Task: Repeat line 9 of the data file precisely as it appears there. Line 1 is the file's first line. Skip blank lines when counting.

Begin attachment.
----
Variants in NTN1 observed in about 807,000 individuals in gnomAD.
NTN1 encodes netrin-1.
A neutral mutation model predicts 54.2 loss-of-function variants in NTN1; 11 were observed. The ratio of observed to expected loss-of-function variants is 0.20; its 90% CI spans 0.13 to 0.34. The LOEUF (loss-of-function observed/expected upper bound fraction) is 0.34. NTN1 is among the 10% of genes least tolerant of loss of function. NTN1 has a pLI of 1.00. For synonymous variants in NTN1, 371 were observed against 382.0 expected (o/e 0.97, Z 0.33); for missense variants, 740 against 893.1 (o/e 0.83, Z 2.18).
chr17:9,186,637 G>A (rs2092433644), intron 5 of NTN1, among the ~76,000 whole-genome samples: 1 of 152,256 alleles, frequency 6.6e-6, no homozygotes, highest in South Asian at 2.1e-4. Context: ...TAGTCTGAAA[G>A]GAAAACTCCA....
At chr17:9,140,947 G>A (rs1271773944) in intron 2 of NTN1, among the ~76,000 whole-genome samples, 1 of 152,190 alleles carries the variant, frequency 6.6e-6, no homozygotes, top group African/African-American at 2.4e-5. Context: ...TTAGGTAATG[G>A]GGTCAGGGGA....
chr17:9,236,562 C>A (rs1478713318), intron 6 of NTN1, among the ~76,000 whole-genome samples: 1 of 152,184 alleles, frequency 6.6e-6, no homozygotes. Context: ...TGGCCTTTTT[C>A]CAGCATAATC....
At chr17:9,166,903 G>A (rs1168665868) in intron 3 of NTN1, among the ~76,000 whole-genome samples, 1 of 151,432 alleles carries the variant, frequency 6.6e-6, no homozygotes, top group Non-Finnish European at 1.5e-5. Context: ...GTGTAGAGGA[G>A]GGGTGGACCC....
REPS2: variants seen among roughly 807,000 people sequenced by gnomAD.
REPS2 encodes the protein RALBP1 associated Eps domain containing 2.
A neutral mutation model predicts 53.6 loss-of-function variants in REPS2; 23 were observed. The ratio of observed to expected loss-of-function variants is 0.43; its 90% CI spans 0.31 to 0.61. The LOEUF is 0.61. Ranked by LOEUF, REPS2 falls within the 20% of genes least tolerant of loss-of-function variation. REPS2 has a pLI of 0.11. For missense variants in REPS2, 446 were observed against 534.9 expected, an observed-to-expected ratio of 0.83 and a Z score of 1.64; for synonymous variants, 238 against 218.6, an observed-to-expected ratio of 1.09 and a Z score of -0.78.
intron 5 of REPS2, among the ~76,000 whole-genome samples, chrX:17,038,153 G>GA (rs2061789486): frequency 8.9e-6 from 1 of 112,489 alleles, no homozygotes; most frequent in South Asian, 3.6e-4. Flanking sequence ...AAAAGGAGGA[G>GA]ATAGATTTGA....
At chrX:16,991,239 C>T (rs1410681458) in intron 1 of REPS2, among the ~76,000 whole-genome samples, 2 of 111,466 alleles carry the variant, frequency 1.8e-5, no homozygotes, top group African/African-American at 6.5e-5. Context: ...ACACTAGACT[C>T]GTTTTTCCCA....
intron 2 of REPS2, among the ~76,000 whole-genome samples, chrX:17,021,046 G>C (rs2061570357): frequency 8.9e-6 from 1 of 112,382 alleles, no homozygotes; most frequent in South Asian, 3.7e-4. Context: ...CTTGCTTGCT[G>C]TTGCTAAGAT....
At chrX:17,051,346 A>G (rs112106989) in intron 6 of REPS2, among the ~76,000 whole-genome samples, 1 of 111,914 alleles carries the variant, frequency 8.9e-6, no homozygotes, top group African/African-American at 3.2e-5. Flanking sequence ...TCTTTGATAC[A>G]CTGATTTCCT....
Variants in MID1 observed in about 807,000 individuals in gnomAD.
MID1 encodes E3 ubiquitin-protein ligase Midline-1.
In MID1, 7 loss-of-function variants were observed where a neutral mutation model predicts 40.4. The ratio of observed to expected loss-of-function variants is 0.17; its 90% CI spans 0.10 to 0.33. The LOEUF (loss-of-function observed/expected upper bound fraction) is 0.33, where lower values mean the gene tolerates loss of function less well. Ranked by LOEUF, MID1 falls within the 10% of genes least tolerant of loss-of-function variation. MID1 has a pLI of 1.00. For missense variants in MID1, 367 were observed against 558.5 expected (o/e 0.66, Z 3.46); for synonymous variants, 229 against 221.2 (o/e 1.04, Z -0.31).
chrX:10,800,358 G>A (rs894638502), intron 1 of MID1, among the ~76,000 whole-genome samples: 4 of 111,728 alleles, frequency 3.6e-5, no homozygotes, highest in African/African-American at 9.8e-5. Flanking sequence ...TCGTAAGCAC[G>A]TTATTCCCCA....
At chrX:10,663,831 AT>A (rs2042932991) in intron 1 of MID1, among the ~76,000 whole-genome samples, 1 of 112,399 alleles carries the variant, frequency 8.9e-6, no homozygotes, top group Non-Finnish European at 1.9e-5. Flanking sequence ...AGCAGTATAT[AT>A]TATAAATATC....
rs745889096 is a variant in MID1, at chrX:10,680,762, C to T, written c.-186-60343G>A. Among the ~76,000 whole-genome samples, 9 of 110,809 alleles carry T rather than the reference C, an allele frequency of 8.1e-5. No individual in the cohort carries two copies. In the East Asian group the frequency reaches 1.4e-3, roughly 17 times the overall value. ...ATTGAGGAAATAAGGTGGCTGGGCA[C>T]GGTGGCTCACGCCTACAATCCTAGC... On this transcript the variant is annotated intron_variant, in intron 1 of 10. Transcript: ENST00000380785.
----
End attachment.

REPS2 encodes the protein RALBP1 associated Eps domain containing 2.